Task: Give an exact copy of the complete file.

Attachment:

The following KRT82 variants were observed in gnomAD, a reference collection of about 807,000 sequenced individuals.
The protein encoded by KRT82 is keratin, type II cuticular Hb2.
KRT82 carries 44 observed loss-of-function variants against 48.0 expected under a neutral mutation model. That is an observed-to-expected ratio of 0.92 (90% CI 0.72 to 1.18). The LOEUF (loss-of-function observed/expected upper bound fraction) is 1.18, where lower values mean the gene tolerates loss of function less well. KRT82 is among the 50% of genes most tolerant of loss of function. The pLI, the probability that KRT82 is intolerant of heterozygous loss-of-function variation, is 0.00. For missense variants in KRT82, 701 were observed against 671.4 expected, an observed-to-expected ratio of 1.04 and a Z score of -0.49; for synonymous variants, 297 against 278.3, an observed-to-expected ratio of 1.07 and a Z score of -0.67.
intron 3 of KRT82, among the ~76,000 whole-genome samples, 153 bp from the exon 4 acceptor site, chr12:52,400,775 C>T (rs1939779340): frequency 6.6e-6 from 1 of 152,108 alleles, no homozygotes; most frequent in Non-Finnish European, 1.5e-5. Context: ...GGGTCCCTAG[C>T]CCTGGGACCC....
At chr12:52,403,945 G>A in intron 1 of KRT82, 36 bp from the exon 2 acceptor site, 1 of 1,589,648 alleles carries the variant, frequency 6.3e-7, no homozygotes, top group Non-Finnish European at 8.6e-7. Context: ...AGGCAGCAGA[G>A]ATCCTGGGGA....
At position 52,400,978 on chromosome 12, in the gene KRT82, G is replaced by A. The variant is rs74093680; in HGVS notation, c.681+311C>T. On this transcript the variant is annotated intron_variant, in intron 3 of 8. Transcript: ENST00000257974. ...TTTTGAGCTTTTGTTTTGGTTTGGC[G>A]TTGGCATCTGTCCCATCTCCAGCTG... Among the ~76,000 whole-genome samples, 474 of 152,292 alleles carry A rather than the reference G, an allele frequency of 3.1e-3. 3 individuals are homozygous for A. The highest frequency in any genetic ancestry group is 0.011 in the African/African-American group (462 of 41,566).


The following KRT82 variants were observed in gnomAD, a reference collection of about 807,000 sequenced individuals.
The protein encoded by KRT82 is keratin, type II cuticular Hb2.
KRT82 carries 44 observed loss-of-function variants against 48.0 expected under a neutral mutation model. That is an observed-to-expected ratio of 0.92 (90% CI 0.72 to 1.18). The LOEUF (loss-of-function observed/expected upper bound fraction) is 1.18, where lower values mean the gene tolerates loss of function less well. KRT82 is among the 50% of genes most tolerant of loss of function. The pLI, the probability that KRT82 is intolerant of heterozygous loss-of-function variation, is 0.00. For missense variants in KRT82, 701 were observed against 671.4 expected, an observed-to-expected ratio of 1.04 and a Z score of -0.49; for synonymous variants, 297 against 278.3, an observed-to-expected ratio of 1.07 and a Z score of -0.67.
intron 3 of KRT82, among the ~76,000 whole-genome samples, 153 bp from the exon 4 acceptor site, chr12:52,400,775 C>T (rs1939779340): frequency 6.6e-6 from 1 of 152,108 alleles, no homozygotes; most frequent in Non-Finnish European, 1.5e-5. Context: ...GGGTCCCTAG[C>T]CCTGGGACCC....
At chr12:52,403,945 G>A in intron 1 of KRT82, 36 bp from the exon 2 acceptor site, 1 of 1,589,648 alleles carries the variant, frequency 6.3e-7, no homozygotes, top group Non-Finnish European at 8.6e-7. Context: ...AGGCAGCAGA[G>A]ATCCTGGGGA....
At position 52,400,978 on chromosome 12, in the gene KRT82, G is replaced by A. The variant is rs74093680; in HGVS notation, c.681+311C>T. On this transcript the variant is annotated intron_variant, in intron 3 of 8. Transcript: ENST00000257974. ...TTTTGAGCTTTTGTTTTGGTTTGGC[G>A]TTGGCATCTGTCCCATCTCCAGCTG... Among the ~76,000 whole-genome samples, 474 of 152,292 alleles carry A rather than the reference G, an allele frequency of 3.1e-3. 3 individuals are homozygous for A. The highest frequency in any genetic ancestry group is 0.011 in the African/African-American group (462 of 41,566).